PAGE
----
Now, I mentioned it was a rogue-lite without mentioning what parts are rogue-esque. Whether through success or failure, you are able to send back to the start of the game a living pilot that can be the leader of the new party you send out. This pilot will have all the experience and skills that they had in the previous run, so if they were fully leveled up, then whatever Mech you put them in will have a good boost at the start of the game. Those skills could be an upgrade point they can immediately put in their new mech which can go towards, more damage, more movement speed, or new abilities. Or the pilot might just have a bonus to their health which allows them to stay alive longer. You also get to keep any coins you earn regardless of living or dying, but they can really only be used to unlock new squads and won't necessarily help you on your current run.
After beating the game a handful of times with 3 squads, I put it down and thought I would save it for my (now defunct) Youtube channel so that I could play the game with my buddy without having 100% everything. However, as the days went on I felt the pull to go back to the game and see if I could beat it with one more squad eventually overtook my desire to "save" any aspect of the game for future plays. It was the game I was always playing, even when I had time for longer sit down sessions, I still would fire up Into the Breach, and knock out 2-3 full runs before putting it down. If anything I am upset that I 100% the game, and now there is really nothing left to go back for. Sure I could just play it for fun, but without working towards anything, it makes it a much harder sell, when I see a whole bunch of games on my shelves who still have yet to be played for the first time.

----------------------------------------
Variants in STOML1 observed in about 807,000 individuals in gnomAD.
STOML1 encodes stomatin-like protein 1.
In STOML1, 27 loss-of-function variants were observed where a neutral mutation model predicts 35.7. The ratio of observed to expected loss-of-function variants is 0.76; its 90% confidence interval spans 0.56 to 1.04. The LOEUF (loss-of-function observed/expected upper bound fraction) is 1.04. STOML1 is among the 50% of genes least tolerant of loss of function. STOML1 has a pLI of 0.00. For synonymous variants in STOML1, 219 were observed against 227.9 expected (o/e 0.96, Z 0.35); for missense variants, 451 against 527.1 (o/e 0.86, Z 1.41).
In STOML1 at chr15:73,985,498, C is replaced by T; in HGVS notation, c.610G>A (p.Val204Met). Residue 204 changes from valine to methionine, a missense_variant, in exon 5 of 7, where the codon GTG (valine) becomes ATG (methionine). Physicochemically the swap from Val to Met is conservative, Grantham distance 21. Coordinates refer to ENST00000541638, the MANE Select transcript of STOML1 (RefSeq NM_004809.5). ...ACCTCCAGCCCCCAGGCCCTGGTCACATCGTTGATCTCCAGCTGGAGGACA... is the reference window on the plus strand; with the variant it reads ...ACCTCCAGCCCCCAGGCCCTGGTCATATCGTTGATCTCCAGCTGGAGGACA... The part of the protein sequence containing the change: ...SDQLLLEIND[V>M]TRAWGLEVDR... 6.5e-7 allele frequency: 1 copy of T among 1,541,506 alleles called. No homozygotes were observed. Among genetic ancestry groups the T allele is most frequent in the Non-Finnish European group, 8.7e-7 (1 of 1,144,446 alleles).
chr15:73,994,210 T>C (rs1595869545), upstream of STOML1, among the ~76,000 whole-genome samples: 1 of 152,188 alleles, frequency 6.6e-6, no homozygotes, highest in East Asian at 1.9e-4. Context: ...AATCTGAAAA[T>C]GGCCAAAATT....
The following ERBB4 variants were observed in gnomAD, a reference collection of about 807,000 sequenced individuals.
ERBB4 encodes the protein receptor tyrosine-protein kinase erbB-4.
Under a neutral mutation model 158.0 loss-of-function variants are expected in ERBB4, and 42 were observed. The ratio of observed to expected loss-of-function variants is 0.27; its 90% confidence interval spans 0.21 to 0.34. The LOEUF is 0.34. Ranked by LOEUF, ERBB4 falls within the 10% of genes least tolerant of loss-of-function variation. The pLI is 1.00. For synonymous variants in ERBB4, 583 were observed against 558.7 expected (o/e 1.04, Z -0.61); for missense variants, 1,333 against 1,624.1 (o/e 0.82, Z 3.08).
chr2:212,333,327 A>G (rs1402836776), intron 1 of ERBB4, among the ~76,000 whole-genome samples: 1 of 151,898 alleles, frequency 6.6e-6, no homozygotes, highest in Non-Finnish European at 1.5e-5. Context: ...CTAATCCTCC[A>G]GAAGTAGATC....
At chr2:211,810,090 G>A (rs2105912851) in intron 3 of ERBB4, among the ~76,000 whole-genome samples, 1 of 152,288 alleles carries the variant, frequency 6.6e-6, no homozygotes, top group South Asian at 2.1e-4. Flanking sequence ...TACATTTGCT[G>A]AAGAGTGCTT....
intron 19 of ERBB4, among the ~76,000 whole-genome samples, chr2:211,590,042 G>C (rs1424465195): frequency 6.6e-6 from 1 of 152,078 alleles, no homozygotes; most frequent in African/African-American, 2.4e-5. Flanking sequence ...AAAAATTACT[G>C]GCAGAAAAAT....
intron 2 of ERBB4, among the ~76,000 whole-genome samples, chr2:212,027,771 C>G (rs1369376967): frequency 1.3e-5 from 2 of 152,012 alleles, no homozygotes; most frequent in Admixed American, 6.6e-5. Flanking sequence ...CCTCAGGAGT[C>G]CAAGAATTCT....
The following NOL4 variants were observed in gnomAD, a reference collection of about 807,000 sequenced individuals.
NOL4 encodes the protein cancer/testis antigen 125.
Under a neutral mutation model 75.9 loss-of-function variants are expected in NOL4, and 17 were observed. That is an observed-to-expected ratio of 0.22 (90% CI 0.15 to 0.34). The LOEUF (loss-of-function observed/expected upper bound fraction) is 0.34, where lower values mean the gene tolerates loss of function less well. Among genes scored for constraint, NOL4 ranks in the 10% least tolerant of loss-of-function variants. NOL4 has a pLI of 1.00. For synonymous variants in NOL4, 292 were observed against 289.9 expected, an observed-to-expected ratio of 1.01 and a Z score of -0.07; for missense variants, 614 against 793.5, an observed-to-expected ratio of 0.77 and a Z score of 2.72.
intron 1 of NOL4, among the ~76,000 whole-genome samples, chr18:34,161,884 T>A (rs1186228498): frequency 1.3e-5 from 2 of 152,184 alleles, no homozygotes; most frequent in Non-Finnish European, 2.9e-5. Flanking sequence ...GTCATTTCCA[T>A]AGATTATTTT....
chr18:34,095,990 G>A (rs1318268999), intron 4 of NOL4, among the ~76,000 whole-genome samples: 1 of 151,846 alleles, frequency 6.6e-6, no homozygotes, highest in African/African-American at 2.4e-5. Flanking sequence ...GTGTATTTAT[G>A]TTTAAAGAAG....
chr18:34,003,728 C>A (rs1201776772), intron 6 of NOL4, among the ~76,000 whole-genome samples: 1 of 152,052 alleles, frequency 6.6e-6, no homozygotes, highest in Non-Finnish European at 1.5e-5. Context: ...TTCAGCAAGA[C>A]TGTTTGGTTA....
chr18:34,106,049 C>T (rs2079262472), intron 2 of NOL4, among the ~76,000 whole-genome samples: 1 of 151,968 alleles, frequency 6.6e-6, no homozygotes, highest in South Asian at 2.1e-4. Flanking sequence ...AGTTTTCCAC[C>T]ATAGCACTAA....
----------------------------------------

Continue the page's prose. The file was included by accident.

I really don't even have a lot of negatives to say about the game. The music fits well and is pretty good, the art style might rub some people the wrong way, but I kind of dug it. Playing a majority of the game on normal felt like the right difficulty, it might take you a little while to get in the groove, but I never felt the game was cheap. It telegraphs its moves and you have time to react. There are some instances where it can feel like on turn 1 there are aliens you can't reach who are going to destroy a building or an objective right away, but those turns seemed few and far between. My biggest complaints are that the game really doesn't have a story or a good ending, but seeing as it is meant to be replayed ad nauseum and each run only lasts for 2ish hours, it doesn't detract much from the game. The other complaint can be in how you earn coins, for some mechs it is as simple as playing the game normally and you will come across them without thinking about it, and for other squads you literally have to make getting one of the coins your sole purpose on a run, because it doesn't come up naturally. This can especially be rough, if you are still relatively new and maybe bought a squad you don't like right out of the gate and now can't afford to try another one. Its also not a game that shows very well. Putting this on the big screen or something looking over your shoulder will not sell how much fun it is.
This game will put some people off, it is not an everyone pleaser like Mario or Road Rash 64, but if you like turn based games, rogue-lite games, strategy games, or even puzzle games, I think you will find something to really enjoy with Into the Breach. It was definitely my surprise game of the year when I completed it in 2020. It's also the perfect switch game, just saying.
Is this the greatest game of all time?: No, but its close
Where does it rank: I absolutely adored Into the Breach, I recommend it to nearly everyone, and was one of the first games I told my brother to get when he got a switch this past month. It's not the "Greatest" game, but a damn fine one. I have it at the new #5. It is right above Katamari Damacy and right below X-Com 2.
Up Next: Griftlands (Switch)
Anyone looking for it: here is the link to the list and more if you are interested in following along with me (this is not a self promotion). Here. I added links on the spreadsheet for quick navigation. Now if you missed a blog of a game you want to read about, you can get to it quickly, rather than having to scroll through my previous blogs wondering when it came up.
Thanks for Listening.